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Children line up to enter a tent at the Homestead Temporary Shelter for Unaccompanied Children. Once youth turn 18, they are aged out of the children's shelter and are at risk of being placed in an adult detention facility. Wilfredo Lee/AP hide caption

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Wilfredo Lee/AP

Migrant Youth Go From A Children's Shelter To Adult Detention On Their 18th Birthday

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Nearly 1,600 teenage migrants are housed at a temporary emergency shelter in Florida run by a for-profit company. U.S. Department of Health and Human Services hide caption

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U.S. Department of Health and Human Services

Florida Shelter Is Scrutinized For The Way It Handles Migrant Children

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An asylum-seeking boy from Central America runs down a hallway in December after arriving at a shelter in San Diego. Immigrant advocates say they are suing the U.S. government for allegedly detaining immigrant children too long and improperly refusing to release them to relatives. Gregory Bull/AP hide caption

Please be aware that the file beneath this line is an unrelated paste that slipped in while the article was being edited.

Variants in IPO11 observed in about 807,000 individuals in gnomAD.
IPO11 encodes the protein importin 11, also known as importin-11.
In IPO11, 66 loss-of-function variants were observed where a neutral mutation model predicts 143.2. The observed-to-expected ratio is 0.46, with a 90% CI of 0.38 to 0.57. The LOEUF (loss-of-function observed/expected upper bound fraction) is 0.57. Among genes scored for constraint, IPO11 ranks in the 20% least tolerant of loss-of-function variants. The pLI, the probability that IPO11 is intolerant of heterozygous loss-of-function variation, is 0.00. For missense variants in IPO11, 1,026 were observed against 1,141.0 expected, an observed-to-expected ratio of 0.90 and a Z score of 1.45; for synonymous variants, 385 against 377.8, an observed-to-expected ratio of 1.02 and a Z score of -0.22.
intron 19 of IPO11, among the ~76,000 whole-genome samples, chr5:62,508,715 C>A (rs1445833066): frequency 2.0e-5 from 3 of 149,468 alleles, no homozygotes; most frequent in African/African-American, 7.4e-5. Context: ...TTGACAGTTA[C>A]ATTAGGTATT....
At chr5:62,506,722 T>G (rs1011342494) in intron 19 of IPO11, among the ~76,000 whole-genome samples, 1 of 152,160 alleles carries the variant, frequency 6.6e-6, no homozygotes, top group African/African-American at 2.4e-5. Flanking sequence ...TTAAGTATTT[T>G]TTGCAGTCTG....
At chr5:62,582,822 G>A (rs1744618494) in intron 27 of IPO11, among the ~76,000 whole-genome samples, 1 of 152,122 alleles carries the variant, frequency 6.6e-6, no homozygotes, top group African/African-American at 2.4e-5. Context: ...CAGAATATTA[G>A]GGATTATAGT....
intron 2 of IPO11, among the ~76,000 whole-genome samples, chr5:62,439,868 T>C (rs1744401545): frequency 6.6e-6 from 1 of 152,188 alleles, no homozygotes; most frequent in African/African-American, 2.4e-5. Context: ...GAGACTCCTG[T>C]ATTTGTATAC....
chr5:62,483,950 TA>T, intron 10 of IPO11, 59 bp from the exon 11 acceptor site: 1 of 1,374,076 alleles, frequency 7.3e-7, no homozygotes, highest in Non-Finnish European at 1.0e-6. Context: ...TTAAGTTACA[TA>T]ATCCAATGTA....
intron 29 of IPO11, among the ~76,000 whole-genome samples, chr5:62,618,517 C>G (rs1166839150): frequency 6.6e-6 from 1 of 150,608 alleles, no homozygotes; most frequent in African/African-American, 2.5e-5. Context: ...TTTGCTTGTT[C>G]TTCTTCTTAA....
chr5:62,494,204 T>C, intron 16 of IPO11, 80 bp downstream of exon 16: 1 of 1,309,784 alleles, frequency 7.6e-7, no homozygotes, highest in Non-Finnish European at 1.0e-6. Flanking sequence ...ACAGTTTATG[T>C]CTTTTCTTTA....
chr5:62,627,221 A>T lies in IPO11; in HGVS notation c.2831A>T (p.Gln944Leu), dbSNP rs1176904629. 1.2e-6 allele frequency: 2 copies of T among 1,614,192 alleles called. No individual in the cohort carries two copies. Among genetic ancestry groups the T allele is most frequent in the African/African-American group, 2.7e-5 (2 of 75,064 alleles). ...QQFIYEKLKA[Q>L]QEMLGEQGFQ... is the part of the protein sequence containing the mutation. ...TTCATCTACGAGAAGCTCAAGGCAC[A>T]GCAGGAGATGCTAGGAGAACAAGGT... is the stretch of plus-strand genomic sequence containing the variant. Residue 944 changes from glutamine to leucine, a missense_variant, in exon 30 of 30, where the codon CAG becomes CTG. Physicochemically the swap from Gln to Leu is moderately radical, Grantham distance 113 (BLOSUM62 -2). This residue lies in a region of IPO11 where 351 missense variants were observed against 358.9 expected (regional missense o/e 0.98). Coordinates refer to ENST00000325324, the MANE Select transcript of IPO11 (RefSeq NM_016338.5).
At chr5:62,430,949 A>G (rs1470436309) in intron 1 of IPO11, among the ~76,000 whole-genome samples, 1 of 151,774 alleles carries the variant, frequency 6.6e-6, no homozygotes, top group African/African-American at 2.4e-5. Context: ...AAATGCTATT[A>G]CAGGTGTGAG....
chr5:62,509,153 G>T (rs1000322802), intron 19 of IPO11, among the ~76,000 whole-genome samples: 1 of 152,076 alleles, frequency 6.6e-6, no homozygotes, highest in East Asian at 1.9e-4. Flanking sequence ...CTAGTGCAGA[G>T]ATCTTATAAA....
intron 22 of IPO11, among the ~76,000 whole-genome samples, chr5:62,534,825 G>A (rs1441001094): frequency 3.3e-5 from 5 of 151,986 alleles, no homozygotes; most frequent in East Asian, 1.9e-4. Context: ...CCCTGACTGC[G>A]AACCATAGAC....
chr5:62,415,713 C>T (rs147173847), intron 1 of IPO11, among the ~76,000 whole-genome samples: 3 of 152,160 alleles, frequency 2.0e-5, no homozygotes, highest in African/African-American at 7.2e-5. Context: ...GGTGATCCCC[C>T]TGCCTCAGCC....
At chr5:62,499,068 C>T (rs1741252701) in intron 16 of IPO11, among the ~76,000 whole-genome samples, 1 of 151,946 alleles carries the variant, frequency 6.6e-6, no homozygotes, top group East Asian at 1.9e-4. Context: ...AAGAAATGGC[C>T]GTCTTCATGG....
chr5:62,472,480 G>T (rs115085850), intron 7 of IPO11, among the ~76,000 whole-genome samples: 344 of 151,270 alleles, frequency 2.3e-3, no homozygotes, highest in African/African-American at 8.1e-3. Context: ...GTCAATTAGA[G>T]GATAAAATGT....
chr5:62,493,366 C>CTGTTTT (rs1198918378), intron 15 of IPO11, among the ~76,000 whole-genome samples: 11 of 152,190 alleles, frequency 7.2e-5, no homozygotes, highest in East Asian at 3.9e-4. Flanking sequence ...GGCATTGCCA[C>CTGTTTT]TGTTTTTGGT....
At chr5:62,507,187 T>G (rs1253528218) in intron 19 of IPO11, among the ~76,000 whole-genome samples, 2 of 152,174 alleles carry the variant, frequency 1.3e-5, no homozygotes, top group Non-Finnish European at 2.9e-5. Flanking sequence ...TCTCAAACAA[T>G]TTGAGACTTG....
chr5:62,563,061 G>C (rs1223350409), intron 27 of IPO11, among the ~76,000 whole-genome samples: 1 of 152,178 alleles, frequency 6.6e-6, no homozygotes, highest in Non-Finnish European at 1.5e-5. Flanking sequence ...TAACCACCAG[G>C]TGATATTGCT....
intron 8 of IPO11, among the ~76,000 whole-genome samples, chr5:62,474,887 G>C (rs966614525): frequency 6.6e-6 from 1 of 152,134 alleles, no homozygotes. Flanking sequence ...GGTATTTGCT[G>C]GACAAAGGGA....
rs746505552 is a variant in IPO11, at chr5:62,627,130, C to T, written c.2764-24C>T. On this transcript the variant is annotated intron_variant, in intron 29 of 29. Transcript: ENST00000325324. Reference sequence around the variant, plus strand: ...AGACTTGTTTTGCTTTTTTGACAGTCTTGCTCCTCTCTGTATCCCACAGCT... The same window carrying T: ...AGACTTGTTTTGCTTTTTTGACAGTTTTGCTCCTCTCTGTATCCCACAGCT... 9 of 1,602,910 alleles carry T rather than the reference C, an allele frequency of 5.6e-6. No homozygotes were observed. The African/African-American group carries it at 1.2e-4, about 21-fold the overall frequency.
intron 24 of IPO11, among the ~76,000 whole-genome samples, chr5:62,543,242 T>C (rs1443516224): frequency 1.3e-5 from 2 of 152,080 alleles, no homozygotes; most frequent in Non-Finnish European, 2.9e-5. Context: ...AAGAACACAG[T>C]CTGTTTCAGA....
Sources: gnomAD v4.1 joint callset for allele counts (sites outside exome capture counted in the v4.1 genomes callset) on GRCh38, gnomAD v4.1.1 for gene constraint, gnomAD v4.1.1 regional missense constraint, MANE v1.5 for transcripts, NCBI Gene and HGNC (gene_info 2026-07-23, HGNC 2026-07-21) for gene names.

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Gregory Bull/AP

Lawsuits Allege 'Grave Harm' To Immigrant Children In Detention

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Lawsuit Alleges Migrant Children Are Used To Catch Other Undocumented Immigrants

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Trump Pitches 3-Year Extention Of DACA Protections For Border Wall Funding

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Teen migrants wait in line inside the Tornillo detention camp in Tornillo, Texas, in December 2018. Andres Leighton/AP hide caption

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Andres Leighton/AP

Federal Immigration Agents Separated More Migrant Children Than Previously Thought

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Darling Adalid Mercado, 19 (center), left his home in Ocotepeque, Honduras, three months ago to flee town thugs who wanted to recruit him. Guillermo Arias for NPR hide caption

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Guillermo Arias for NPR

A Waiting Game For Immigrants And Border Agents On 2 Sides Of The Wall

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Central American Migrants In Tijuana Consider If Long Journey Was Worth The Effort

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Chief Patrol Agent Rodney Scott stands near an old border monument at the base of the San Ysidro Mountains in southern San Diego County where current fencing ends. John Francis Peters for NPR hide caption

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John Francis Peters for NPR

Border Patrol Makes Its Case For An Expanded 'Border Barrier'